The pre-production models had been trucked from Kentucky to the West Coast in the last month, before the local plant and its roughly 5,000 workers ramped up to full production.
The new Escapes, which come in three trims, including two turbocharged EcoBoost engines, started shipping to showrooms last week.
“They are on rail cars around the country,” said Kate Pearce, a marketing manager with Ford Motor Co. About 20 journalists — from publications including Motor Trend, Car & Driver, Kelley Blue Book and Insider Louisville — had taken the new models for a spin down a planned course on roads including the famous Mulholland Drive and the Pacific Coast Highway.
After an introduction to the new vehicles and presentations about updated interiors and exteriors, journalists got to drive 1.5-liter and 2-liter EcoBoost engine models on a suggested 40-mile course. At predetermined stops, such as Malibu Bluffs Park, with the Pacific glistening nearby, drivers could switch vehicles or ask one of the Ford employees to take the wheel and talk about the Escape’s power, fuel economy, appearance and tech. A new smartphone app, to be launched at the end of the month, will provide information about fuel level and tire pressure and will allow owners to start the car remotely, or even to schedule a daily start time.
While the Ford F-150 is Ford’s best-selling vehicle, the Escape is the company’s best-selling utility vehicle. Last year, Ford booked a record number of sales, exceeding 300,000. It was the seventh year of year-over-year growth.
Ford said it sees growth in the small SUV segment — which includes competitors such as the Honda CRV and the Toyota RAV4 — to continue until 2025, primarily because the interests of the two dominant car-buying generations are coalescing.
Baby boomers are stepping down from larger SUVs as their children have left the home. They still like SUVs, but they don’t need as much space and they want easier entry and exit, said Kevin Schad, Escape brand marketing manager.
“They’re landing squarely on the small utility segment,” Schad said.
Meanwhile, the oldest millennials, the boomers’ children, have reached their mid-to-late 30s, and they’re buying homes, building families and purchasing vehicles with more cargo capacity. And, Schad said, the millennials grew up in the large SUVs of their parents.
“They love these vehicles,” Schad said.
Those two generations will continue to dominate car purchases until 2025, Schad said, and their overlapping interest have “just absolutely amplified the segment.”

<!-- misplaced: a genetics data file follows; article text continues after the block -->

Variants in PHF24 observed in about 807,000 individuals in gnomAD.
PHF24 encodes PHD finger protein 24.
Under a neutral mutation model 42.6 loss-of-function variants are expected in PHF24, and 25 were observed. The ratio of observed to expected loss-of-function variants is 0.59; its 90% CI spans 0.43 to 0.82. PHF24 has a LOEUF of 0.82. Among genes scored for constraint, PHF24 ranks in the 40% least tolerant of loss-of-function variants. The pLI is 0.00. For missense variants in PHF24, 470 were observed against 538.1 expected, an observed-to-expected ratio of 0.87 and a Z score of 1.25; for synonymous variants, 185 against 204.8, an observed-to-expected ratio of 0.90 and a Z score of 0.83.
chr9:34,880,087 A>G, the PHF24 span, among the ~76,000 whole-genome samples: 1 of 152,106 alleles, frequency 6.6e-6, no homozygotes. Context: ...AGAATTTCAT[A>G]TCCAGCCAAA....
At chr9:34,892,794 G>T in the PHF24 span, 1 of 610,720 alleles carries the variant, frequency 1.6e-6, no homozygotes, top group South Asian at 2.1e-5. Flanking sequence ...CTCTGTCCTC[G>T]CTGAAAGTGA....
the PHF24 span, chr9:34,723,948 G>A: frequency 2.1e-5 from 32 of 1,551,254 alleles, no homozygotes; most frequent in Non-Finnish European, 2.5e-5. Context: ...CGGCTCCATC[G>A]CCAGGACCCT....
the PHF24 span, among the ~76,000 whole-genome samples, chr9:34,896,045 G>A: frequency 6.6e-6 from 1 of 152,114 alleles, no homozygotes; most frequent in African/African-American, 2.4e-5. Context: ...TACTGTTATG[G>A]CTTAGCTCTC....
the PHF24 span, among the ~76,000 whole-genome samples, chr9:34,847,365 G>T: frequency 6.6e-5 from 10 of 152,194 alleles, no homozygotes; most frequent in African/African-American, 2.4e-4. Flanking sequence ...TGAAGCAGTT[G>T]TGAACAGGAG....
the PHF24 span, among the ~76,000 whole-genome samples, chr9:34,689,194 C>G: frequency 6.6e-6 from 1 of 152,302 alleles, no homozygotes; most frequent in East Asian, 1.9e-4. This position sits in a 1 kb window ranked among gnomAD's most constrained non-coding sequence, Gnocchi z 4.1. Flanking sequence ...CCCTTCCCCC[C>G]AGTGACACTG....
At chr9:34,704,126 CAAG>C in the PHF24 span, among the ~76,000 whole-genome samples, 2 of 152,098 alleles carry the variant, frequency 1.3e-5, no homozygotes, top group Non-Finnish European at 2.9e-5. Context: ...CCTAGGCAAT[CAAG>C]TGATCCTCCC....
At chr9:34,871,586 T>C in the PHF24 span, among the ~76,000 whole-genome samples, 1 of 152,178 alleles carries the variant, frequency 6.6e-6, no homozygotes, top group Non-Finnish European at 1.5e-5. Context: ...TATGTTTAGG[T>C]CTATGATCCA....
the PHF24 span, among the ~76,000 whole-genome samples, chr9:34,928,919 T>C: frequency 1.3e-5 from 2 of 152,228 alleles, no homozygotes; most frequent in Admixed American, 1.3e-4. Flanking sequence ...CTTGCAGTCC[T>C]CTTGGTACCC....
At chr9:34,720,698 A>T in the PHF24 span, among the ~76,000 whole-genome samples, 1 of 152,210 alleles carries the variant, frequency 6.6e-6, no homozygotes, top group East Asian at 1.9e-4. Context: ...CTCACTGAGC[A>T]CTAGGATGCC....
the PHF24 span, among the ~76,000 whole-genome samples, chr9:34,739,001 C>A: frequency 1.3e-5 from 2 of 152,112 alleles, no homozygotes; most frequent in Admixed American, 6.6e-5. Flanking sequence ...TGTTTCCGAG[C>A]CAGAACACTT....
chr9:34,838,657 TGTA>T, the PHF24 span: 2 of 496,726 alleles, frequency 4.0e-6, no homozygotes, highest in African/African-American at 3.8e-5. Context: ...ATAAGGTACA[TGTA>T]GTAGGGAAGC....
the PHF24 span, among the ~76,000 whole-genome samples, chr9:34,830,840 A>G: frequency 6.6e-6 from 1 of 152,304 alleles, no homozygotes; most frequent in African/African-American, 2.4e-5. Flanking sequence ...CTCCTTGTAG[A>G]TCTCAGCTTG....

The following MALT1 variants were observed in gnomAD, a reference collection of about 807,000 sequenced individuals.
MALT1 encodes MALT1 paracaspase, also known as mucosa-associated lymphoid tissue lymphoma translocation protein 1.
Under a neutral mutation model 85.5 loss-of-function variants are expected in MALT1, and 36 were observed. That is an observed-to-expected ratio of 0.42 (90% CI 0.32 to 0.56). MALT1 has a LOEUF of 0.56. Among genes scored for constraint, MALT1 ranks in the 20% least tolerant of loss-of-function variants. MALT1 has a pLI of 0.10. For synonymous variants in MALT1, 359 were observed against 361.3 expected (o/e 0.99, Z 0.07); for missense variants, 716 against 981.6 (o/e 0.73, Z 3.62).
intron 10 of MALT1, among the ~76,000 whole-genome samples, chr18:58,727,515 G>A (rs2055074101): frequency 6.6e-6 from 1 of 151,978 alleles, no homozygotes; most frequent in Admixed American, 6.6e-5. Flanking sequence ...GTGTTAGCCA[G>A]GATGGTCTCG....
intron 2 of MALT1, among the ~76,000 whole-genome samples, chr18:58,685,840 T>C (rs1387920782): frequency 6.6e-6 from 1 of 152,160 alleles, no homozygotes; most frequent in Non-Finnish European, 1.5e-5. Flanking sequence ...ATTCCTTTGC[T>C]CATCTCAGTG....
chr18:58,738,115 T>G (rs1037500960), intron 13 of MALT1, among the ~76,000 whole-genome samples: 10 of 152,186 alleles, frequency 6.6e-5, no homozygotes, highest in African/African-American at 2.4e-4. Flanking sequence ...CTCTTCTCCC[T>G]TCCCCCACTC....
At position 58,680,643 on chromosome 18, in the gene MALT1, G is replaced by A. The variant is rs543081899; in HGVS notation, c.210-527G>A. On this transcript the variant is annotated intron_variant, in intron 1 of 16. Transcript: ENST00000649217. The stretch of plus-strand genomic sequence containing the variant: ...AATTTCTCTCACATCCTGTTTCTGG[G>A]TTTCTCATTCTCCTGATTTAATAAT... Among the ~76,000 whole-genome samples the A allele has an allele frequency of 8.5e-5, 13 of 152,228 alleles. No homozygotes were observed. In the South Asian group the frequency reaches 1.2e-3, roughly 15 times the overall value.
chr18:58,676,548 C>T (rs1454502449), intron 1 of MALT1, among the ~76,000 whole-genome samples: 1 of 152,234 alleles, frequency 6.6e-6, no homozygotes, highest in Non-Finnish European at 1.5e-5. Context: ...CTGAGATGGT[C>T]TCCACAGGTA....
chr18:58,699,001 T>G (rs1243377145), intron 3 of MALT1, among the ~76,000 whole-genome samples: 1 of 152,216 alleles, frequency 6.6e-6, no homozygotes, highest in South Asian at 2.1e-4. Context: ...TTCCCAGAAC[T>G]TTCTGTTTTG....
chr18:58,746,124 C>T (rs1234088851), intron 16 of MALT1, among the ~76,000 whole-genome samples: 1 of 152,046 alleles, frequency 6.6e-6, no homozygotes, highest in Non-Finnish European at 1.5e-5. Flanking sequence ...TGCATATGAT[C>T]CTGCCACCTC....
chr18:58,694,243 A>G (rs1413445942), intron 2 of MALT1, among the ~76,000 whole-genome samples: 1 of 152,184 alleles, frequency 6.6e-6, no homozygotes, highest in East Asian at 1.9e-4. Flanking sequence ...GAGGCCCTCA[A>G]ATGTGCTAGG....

Automakers have responded: When the segment was launched in 2000, it had only six entrants. Now, automakers are offering 21 small SUVs.
“It’s really really proven fertile ground for the industry,” Schad said.
The Escape is in a tight market share battle with the CRV and RAV-4. Last year, the Escape ranked third, but through the first quarter it ranked second. When the new Escape hits showroom floors, all three vehicles will have undergone a model changeover within a few months
Effect of cheap gas?
SUV demand also has been boosted by low gasoline prices, but Schad and Pearce said they expect high demand for small SUVs to continue even if gas prices rise, which, the U.S. government said, won’t happen until after 2017.
Boomers and millennials are buying small SUVs because the vehicles fit their lifestyles, Schad said, and that will continue regardless of the gas price.
And, Pearce said, new SUVs, such as the Escape, have much better fuel economy than the big SUVs that were popular a decade ago. All of the Escape models get combined city/highway mileage in the mid-20s.
SUV buyers today no longer have to trade fuel economy for capability, Pearce said.
That’s good news for Ford’s roughly 5,000 workers at the Louisville Assembly Plant, who are represented by the United Auto Workers Local 862.
High demand for the Escape has kept the Louisville Assembly Plant busy. At full capacity, local workers make a new Escape every 49 seconds.
“We’re building every vehicle we can,” Pearce said.